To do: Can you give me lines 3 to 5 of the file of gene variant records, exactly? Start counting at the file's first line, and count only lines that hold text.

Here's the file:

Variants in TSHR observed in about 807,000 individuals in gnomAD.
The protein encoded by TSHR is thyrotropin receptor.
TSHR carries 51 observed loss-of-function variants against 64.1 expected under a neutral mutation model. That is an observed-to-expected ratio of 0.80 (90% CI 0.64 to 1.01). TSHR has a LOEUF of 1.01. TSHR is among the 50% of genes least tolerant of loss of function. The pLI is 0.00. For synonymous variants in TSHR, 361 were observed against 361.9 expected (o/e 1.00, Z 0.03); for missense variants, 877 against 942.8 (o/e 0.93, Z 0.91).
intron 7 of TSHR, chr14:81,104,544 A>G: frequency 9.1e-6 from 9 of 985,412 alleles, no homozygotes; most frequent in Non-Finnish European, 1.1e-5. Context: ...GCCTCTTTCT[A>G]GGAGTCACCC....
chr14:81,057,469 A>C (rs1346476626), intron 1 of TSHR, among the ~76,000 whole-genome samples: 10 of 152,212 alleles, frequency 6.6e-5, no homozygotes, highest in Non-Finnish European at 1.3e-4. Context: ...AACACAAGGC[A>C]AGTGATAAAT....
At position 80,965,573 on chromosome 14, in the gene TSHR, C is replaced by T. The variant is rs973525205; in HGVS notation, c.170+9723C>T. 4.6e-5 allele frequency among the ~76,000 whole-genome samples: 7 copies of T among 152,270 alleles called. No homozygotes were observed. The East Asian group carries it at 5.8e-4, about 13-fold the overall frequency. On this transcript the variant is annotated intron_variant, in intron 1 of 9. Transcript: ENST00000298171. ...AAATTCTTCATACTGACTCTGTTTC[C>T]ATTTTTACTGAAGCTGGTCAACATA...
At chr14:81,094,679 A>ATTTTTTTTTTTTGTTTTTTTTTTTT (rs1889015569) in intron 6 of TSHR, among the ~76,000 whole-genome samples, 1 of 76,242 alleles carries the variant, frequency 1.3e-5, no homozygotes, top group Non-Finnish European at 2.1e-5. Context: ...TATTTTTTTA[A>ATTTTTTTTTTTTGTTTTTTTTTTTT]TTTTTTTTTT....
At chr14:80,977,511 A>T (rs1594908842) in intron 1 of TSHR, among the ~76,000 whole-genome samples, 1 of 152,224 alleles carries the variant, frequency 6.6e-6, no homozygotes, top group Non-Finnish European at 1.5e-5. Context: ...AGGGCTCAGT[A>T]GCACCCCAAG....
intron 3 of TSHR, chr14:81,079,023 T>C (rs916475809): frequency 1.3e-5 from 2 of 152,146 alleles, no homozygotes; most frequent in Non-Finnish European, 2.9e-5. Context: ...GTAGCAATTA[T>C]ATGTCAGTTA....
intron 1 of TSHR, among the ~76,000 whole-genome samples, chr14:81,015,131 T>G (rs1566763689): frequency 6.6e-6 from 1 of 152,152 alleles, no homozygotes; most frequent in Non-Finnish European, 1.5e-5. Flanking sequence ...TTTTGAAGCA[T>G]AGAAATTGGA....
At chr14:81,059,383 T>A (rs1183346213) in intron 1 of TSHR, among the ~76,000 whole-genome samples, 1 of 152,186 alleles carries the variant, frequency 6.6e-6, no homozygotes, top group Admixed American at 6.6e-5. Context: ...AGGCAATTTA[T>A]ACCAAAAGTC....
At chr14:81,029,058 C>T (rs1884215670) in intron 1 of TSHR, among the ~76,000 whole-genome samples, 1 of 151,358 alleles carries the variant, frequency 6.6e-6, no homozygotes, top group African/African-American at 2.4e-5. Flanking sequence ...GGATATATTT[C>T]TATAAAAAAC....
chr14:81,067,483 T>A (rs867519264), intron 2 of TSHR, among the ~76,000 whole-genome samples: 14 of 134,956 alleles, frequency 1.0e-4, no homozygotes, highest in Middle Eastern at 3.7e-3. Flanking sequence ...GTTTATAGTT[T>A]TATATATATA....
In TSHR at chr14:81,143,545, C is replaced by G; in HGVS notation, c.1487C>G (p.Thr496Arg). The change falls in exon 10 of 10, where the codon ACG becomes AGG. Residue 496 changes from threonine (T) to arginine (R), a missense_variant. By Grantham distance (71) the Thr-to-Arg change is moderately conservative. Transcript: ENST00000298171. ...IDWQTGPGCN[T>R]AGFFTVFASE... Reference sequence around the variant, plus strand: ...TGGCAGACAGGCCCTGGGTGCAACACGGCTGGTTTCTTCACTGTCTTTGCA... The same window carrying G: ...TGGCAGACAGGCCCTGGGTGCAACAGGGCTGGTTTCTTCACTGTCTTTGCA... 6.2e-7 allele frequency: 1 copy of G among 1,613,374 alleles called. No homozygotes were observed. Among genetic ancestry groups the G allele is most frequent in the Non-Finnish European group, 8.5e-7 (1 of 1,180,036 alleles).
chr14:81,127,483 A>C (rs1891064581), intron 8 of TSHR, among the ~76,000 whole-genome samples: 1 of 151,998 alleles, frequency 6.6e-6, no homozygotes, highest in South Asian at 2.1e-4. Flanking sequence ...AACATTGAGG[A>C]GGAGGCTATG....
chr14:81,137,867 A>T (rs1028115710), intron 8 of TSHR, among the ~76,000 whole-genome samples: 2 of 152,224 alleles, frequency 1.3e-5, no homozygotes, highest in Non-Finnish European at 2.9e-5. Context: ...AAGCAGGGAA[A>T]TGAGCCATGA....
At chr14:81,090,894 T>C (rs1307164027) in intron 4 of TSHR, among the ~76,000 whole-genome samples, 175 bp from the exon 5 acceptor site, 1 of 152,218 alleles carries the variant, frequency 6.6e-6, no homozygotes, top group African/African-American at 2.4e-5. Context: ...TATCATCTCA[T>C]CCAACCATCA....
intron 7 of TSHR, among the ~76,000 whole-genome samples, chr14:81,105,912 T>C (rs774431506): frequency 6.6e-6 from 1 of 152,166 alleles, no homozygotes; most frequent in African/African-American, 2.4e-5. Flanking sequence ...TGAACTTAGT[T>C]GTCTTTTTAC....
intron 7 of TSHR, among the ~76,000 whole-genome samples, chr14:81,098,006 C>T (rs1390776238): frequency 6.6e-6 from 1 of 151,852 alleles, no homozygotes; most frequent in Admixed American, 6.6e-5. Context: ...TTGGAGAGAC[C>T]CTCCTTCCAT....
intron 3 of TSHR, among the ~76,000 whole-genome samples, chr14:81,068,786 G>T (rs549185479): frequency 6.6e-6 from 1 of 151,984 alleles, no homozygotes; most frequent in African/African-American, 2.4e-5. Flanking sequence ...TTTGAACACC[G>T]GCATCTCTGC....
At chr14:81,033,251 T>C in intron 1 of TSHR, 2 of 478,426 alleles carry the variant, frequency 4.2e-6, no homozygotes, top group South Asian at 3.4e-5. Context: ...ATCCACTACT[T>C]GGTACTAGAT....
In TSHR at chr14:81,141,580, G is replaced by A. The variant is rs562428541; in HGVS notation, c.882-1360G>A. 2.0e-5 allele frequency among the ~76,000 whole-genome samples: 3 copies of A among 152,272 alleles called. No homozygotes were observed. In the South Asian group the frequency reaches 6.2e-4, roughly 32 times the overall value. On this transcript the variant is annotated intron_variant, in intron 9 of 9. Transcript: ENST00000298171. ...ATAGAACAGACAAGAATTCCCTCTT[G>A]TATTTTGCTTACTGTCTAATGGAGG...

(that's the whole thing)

TSHR carries 51 observed loss-of-function variants against 64.1 expected under a neutral mutation model. That is an observed-to-expected ratio of 0.80 (90% CI 0.64 to 1.01). TSHR has a LOEUF of 1.01. TSHR is among the 50% of genes least tolerant of loss of function. The pLI is 0.00. For synonymous variants in TSHR, 361 were observed against 361.9 expected (o/e 1.00, Z 0.03); for missense variants, 877 against 942.8 (o/e 0.93, Z 0.91).
intron 7 of TSHR, chr14:81,104,544 A>G: frequency 9.1e-6 from 9 of 985,412 alleles, no homozygotes; most frequent in Non-Finnish European, 1.1e-5. Context: ...GCCTCTTTCT[A>G]GGAGTCACCC....
chr14:81,057,469 A>C (rs1346476626), intron 1 of TSHR, among the ~76,000 whole-genome samples: 10 of 152,212 alleles, frequency 6.6e-5, no homozygotes, highest in Non-Finnish European at 1.3e-4. Context: ...AACACAAGGC[A>C]AGTGATAAAT....